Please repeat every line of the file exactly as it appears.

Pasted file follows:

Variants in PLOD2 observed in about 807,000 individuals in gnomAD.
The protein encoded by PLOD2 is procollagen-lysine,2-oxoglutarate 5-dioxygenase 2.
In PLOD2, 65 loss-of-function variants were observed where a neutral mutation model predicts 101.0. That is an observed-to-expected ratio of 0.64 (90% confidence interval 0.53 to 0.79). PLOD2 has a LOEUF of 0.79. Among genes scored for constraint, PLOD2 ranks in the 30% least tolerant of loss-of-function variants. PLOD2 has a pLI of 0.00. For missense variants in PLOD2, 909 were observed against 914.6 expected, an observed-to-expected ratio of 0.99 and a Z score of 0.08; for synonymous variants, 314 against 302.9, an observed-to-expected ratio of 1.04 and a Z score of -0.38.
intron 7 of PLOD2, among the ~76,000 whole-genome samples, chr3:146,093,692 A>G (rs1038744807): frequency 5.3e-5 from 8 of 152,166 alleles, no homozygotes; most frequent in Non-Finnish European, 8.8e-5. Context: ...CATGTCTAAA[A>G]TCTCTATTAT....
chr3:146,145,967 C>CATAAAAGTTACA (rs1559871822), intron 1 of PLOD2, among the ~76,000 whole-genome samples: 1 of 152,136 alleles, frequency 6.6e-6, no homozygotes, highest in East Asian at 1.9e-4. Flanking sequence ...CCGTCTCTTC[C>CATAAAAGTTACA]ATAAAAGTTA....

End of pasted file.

Variants in PLOD2 observed in about 807,000 individuals in gnomAD.
The protein encoded by PLOD2 is procollagen-lysine,2-oxoglutarate 5-dioxygenase 2.
In PLOD2, 65 loss-of-function variants were observed where a neutral mutation model predicts 101.0. That is an observed-to-expected ratio of 0.64 (90% confidence interval 0.53 to 0.79). PLOD2 has a LOEUF of 0.79. Among genes scored for constraint, PLOD2 ranks in the 30% least tolerant of loss-of-function variants. PLOD2 has a pLI of 0.00. For missense variants in PLOD2, 909 were observed against 914.6 expected, an observed-to-expected ratio of 0.99 and a Z score of 0.08; for synonymous variants, 314 against 302.9, an observed-to-expected ratio of 1.04 and a Z score of -0.38.
intron 7 of PLOD2, among the ~76,000 whole-genome samples, chr3:146,093,692 A>G (rs1038744807): frequency 5.3e-5 from 8 of 152,166 alleles, no homozygotes; most frequent in Non-Finnish European, 8.8e-5. Context: ...CATGTCTAAA[A>G]TCTCTATTAT....
chr3:146,145,967 C>CATAAAAGTTACA (rs1559871822), intron 1 of PLOD2, among the ~76,000 whole-genome samples: 1 of 152,136 alleles, frequency 6.6e-6, no homozygotes, highest in East Asian at 1.9e-4. Flanking sequence ...CCGTCTCTTC[C>CATAAAAGTTACA]ATAAAAGTTA....